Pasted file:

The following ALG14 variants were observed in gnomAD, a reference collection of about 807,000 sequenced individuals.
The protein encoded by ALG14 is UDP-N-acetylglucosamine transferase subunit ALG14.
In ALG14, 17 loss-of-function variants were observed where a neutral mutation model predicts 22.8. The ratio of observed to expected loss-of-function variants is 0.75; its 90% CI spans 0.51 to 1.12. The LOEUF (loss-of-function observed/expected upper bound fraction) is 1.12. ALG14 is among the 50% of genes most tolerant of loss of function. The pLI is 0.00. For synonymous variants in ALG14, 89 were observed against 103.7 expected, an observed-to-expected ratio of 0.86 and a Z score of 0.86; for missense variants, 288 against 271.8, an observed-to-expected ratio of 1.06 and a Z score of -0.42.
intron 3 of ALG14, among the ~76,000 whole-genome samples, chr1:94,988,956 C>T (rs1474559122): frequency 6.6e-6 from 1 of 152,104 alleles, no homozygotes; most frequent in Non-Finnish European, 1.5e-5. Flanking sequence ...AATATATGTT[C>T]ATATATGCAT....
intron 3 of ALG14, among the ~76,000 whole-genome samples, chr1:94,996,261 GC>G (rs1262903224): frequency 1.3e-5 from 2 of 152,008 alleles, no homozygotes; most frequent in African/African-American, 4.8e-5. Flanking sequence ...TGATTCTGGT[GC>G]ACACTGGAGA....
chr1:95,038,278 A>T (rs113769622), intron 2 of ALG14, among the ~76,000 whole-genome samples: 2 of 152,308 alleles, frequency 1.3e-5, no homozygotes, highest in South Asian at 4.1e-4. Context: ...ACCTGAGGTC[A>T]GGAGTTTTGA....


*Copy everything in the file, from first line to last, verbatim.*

The following ALG14 variants were observed in gnomAD, a reference collection of about 807,000 sequenced individuals.
The protein encoded by ALG14 is UDP-N-acetylglucosamine transferase subunit ALG14.
In ALG14, 17 loss-of-function variants were observed where a neutral mutation model predicts 22.8. The ratio of observed to expected loss-of-function variants is 0.75; its 90% CI spans 0.51 to 1.12. The LOEUF (loss-of-function observed/expected upper bound fraction) is 1.12. ALG14 is among the 50% of genes most tolerant of loss of function. The pLI is 0.00. For synonymous variants in ALG14, 89 were observed against 103.7 expected, an observed-to-expected ratio of 0.86 and a Z score of 0.86; for missense variants, 288 against 271.8, an observed-to-expected ratio of 1.06 and a Z score of -0.42.
intron 3 of ALG14, among the ~76,000 whole-genome samples, chr1:94,988,956 C>T (rs1474559122): frequency 6.6e-6 from 1 of 152,104 alleles, no homozygotes; most frequent in Non-Finnish European, 1.5e-5. Flanking sequence ...AATATATGTT[C>T]ATATATGCAT....
intron 3 of ALG14, among the ~76,000 whole-genome samples, chr1:94,996,261 GC>G (rs1262903224): frequency 1.3e-5 from 2 of 152,008 alleles, no homozygotes; most frequent in African/African-American, 4.8e-5. Flanking sequence ...TGATTCTGGT[GC>G]ACACTGGAGA....
chr1:95,038,278 A>T (rs113769622), intron 2 of ALG14, among the ~76,000 whole-genome samples: 2 of 152,308 alleles, frequency 1.3e-5, no homozygotes, highest in South Asian at 4.1e-4. Context: ...ACCTGAGGTC[A>T]GGAGTTTTGA....